Shareholders will receive nothing under the terms of the deal and it is understood that the lending bank HBOS has taken a significant "haircut" – or reduction in the face value – on the company's outstanding debts.
Entertainment's levels of debt had crept up to £150m this year, according to banking sources, who said that the terms of yesterday's deal could see it lose between 50 per cent and 70 per cent of the outstanding debt.
The company announced yesterday that Deloitte had put it into a pre-pack administration. Technically, Boomerang, backed by the US private equity group GTCR, bought the US and UK trading operations out of the group. The remaining shell will be wound down by Deloitte.
The deal from Boomerang's side was led by Eric Ellenbogen and John Engelman, who sold Entertainment their company Classic Media for £107m in 2007. The deal is believed to have contributed heavily to the group's debt burden and forced write-offs of £83m.
One source close to the deal said: "Eric and John have done well. They left Classic when they sold it for good money, and have now bought it back, for less." Before the Classic deal, the company was worth £267m, before falling to £950,000 at the close on Tuesday.
Nick Edwards, a partner at Deloitte, said the Entertainment board had explored a series of "strategic options" over the past six months. These included potentially restructuring or refinancing the company's debt, an equity raising and selling all or parts of the business. "Despite the financial support of the Group's lender through this period, it has been unable to achieve a solvent restructuring of the company," he added.
Entertainment, which bought Postman Pat for £5.1m in 2001, also owns the rights to brands including Rupert Bear, Basil Brush and He-Man.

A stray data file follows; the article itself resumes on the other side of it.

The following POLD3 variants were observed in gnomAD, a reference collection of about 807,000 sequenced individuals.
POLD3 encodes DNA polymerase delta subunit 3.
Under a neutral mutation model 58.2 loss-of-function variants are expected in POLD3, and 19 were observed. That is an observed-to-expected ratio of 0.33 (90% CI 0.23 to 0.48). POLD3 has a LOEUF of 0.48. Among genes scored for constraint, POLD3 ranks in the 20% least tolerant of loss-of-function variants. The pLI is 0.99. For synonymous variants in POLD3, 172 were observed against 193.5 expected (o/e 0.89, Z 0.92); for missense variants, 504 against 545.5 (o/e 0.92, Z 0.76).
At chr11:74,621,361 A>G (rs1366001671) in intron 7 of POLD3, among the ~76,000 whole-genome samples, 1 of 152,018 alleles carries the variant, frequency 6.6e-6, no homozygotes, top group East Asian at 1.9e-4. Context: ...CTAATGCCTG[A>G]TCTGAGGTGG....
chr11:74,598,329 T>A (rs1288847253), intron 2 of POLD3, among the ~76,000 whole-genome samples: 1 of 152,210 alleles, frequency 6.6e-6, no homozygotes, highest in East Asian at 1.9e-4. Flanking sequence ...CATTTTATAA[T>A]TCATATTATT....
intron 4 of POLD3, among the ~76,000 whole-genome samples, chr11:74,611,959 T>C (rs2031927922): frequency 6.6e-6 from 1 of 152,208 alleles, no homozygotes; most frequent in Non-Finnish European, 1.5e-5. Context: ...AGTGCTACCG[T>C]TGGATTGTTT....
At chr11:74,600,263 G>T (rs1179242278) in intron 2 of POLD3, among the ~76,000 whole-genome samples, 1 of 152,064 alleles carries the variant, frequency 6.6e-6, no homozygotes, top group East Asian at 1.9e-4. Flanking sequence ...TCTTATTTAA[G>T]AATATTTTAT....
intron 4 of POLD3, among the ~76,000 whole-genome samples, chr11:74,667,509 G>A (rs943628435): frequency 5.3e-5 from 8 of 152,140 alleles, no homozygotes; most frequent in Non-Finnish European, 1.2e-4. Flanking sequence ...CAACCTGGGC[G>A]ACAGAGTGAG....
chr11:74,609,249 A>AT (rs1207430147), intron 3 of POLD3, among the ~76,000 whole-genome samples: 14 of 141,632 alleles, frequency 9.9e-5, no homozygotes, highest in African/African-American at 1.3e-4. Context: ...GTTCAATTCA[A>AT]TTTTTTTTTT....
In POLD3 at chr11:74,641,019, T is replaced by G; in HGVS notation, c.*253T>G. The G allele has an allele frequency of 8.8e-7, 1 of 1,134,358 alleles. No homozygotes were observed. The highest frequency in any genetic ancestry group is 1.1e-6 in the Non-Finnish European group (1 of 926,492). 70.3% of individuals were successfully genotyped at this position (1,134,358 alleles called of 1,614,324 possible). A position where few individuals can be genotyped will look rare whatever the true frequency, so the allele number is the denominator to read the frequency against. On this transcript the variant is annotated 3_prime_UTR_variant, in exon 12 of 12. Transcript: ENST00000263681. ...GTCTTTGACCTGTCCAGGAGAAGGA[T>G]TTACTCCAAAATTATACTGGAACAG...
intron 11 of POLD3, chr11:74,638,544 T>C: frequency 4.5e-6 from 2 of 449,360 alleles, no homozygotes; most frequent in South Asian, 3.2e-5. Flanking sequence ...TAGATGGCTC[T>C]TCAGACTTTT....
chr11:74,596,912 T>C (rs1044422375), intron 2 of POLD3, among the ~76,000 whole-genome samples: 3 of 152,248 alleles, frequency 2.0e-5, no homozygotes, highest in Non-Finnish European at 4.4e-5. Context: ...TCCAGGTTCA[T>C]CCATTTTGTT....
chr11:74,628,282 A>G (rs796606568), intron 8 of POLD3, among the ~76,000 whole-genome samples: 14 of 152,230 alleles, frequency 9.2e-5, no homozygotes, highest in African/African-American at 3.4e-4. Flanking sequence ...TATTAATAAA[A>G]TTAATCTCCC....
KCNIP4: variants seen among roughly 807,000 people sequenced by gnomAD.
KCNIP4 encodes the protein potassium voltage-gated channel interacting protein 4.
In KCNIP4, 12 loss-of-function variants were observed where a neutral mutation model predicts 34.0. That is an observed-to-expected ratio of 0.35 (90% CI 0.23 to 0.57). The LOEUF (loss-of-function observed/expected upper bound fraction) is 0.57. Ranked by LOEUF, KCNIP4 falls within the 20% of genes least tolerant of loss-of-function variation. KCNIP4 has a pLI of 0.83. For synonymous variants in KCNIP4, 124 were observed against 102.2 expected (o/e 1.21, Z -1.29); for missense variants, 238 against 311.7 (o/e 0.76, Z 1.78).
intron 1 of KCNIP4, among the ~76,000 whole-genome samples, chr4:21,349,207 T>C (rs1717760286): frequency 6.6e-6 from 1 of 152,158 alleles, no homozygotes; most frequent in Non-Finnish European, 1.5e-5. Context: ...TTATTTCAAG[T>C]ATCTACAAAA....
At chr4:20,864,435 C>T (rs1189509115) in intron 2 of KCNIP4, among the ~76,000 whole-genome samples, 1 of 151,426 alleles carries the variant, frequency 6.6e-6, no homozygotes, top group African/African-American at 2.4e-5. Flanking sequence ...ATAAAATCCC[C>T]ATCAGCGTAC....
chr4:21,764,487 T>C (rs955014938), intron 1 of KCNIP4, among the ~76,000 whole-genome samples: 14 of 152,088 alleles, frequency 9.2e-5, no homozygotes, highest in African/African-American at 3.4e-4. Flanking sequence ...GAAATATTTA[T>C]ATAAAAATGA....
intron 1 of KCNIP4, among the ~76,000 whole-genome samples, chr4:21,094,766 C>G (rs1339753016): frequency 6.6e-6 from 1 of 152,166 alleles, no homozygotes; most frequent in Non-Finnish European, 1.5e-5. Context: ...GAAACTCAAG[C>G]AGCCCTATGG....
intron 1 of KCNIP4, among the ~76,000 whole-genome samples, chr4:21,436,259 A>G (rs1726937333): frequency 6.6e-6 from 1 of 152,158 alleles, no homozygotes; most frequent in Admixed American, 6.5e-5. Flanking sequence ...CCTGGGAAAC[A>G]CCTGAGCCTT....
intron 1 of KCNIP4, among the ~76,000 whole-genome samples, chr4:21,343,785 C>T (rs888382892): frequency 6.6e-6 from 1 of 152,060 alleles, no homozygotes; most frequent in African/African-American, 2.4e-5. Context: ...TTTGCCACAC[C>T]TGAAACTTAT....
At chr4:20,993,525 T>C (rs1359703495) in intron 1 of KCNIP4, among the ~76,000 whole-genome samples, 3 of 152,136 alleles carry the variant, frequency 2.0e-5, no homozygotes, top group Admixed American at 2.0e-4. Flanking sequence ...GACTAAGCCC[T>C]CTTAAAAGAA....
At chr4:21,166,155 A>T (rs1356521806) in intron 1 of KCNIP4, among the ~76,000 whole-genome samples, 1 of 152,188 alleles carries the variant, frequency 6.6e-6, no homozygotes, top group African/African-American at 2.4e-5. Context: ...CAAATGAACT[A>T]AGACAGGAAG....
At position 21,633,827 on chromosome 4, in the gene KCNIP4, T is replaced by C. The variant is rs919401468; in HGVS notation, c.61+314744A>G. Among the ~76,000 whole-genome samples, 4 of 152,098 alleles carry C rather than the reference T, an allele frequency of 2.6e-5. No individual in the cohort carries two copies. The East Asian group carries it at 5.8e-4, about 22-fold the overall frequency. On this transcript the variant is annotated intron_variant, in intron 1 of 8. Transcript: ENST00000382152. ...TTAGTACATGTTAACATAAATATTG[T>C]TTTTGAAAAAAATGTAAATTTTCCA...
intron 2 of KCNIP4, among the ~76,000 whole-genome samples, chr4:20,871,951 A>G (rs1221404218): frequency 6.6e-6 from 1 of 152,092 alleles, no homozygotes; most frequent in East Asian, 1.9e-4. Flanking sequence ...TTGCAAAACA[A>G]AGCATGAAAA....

The takeover will save all the 90 employees at the group across offices in London, New York and Nashville. They will move to Boomerang on completion of the deal.
The group announced it was "vigorously" exploring the options available to stabilise the business and secure its long-term future at the end of February. It said at the time it was in "advanced negotiations with a number of bidders who have substantially completed their due diligence in order to complete a transaction imminently". Those thought to be interested included Hit Entertainment, Cookie Jar Group and De Agostini of Italy.
Entertainment Rights made it clear at the time that none of the offers would result in value being placed on the shares. In December, the chief executive Nick Phillips quit after nine months in charge. His replacement, Deborah Dugan, announced a cost saving plan but the group was then hit by the collapse of Woolworths, one of its biggest customers in the UK.Reuse content